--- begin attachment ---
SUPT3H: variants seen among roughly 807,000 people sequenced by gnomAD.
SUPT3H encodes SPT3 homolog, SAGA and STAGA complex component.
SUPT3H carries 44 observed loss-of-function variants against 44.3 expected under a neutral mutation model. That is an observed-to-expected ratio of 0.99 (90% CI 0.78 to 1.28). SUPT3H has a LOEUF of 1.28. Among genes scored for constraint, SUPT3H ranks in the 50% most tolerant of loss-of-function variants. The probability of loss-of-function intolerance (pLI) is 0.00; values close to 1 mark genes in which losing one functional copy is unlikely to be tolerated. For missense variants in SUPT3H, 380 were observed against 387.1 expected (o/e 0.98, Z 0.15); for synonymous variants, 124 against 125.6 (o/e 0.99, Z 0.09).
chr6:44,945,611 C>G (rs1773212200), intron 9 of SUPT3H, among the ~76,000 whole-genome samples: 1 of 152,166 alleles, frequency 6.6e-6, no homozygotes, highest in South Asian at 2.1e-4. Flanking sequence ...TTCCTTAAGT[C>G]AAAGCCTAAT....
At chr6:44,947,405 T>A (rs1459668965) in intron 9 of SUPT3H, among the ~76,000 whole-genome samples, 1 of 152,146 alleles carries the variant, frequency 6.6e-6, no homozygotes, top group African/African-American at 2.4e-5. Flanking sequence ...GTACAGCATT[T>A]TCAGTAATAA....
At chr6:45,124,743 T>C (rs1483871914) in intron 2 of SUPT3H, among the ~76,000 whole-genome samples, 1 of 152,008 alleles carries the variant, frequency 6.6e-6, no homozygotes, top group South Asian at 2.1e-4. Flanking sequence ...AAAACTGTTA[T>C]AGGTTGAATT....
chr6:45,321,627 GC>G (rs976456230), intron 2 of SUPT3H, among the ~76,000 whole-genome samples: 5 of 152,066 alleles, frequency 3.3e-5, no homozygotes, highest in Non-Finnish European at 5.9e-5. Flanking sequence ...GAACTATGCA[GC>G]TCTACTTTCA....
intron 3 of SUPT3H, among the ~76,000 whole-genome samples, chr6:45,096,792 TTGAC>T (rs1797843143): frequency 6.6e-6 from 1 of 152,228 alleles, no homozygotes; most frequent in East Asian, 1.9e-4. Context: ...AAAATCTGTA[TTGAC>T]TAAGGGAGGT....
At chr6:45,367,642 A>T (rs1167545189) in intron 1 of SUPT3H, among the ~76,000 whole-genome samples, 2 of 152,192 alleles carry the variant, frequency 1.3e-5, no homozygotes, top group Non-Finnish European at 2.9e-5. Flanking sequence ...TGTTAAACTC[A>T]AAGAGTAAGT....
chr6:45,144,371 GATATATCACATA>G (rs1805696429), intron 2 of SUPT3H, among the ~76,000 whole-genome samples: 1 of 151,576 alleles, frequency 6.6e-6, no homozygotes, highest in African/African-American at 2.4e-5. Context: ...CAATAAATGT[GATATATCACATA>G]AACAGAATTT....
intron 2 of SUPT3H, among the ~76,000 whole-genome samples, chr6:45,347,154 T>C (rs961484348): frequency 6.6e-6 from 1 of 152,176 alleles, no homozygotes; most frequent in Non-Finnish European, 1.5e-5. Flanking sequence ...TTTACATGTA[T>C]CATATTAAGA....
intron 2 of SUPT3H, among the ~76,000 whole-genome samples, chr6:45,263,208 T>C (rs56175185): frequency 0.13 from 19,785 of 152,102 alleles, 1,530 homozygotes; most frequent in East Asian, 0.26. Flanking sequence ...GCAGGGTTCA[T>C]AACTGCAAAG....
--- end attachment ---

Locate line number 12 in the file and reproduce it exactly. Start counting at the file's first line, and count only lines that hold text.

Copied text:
intron 2 of SUPT3H, among the ~76,000 whole-genome samples, chr6:45,263,208 T>C (rs56175185): frequency 0.13 from 19,785 of 152,102 alleles, 1,530 homozygotes; most frequent in East Asian, 0.26. Flanking sequence ...GCAGGGTTCA[T>C]AACTGCAAAG....